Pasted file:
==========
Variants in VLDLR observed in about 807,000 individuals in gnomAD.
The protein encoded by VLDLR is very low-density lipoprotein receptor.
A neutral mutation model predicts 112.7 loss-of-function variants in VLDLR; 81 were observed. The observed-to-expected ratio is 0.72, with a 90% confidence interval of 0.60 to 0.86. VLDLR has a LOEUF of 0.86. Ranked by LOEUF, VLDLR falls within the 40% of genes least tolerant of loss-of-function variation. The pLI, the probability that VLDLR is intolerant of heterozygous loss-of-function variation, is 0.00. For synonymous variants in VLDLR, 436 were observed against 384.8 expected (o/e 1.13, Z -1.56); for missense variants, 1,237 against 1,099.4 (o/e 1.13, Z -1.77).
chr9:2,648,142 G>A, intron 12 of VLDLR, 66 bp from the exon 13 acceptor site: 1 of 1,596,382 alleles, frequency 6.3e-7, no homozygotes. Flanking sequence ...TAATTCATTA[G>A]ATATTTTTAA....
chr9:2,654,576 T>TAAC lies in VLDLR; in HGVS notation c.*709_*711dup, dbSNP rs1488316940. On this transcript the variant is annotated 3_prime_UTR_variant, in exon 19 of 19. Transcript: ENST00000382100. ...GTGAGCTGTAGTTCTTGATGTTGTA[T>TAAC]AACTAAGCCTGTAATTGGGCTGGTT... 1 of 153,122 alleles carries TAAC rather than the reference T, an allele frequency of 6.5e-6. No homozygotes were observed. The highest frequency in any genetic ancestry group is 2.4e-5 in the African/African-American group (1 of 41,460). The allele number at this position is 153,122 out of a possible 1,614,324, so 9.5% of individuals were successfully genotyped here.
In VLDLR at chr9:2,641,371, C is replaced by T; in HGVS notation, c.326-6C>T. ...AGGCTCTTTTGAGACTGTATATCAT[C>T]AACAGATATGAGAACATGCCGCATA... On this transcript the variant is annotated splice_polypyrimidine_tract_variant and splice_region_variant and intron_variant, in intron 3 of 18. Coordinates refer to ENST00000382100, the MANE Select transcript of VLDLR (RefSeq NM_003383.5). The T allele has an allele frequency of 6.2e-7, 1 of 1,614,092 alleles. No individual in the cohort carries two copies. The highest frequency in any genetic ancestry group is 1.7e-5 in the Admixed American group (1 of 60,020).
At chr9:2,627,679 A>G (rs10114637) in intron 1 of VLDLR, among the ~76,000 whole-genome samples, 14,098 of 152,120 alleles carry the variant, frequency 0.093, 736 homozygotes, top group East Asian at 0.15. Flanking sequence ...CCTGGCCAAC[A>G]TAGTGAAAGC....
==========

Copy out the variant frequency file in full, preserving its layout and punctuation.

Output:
Variants in VLDLR observed in about 807,000 individuals in gnomAD.
The protein encoded by VLDLR is very low-density lipoprotein receptor.
A neutral mutation model predicts 112.7 loss-of-function variants in VLDLR; 81 were observed. The observed-to-expected ratio is 0.72, with a 90% confidence interval of 0.60 to 0.86. VLDLR has a LOEUF of 0.86. Ranked by LOEUF, VLDLR falls within the 40% of genes least tolerant of loss-of-function variation. The pLI, the probability that VLDLR is intolerant of heterozygous loss-of-function variation, is 0.00. For synonymous variants in VLDLR, 436 were observed against 384.8 expected (o/e 1.13, Z -1.56); for missense variants, 1,237 against 1,099.4 (o/e 1.13, Z -1.77).
chr9:2,648,142 G>A, intron 12 of VLDLR, 66 bp from the exon 13 acceptor site: 1 of 1,596,382 alleles, frequency 6.3e-7, no homozygotes. Flanking sequence ...TAATTCATTA[G>A]ATATTTTTAA....
chr9:2,654,576 T>TAAC lies in VLDLR; in HGVS notation c.*709_*711dup, dbSNP rs1488316940. On this transcript the variant is annotated 3_prime_UTR_variant, in exon 19 of 19. Transcript: ENST00000382100. ...GTGAGCTGTAGTTCTTGATGTTGTA[T>TAAC]AACTAAGCCTGTAATTGGGCTGGTT... 1 of 153,122 alleles carries TAAC rather than the reference T, an allele frequency of 6.5e-6. No homozygotes were observed. The highest frequency in any genetic ancestry group is 2.4e-5 in the African/African-American group (1 of 41,460). The allele number at this position is 153,122 out of a possible 1,614,324, so 9.5% of individuals were successfully genotyped here.
In VLDLR at chr9:2,641,371, C is replaced by T; in HGVS notation, c.326-6C>T. ...AGGCTCTTTTGAGACTGTATATCAT[C>T]AACAGATATGAGAACATGCCGCATA... On this transcript the variant is annotated splice_polypyrimidine_tract_variant and splice_region_variant and intron_variant, in intron 3 of 18. Coordinates refer to ENST00000382100, the MANE Select transcript of VLDLR (RefSeq NM_003383.5). The T allele has an allele frequency of 6.2e-7, 1 of 1,614,092 alleles. No individual in the cohort carries two copies. The highest frequency in any genetic ancestry group is 1.7e-5 in the Admixed American group (1 of 60,020).
At chr9:2,627,679 A>G (rs10114637) in intron 1 of VLDLR, among the ~76,000 whole-genome samples, 14,098 of 152,120 alleles carry the variant, frequency 0.093, 736 homozygotes, top group East Asian at 0.15. Flanking sequence ...CCTGGCCAAC[A>G]TAGTGAAAGC....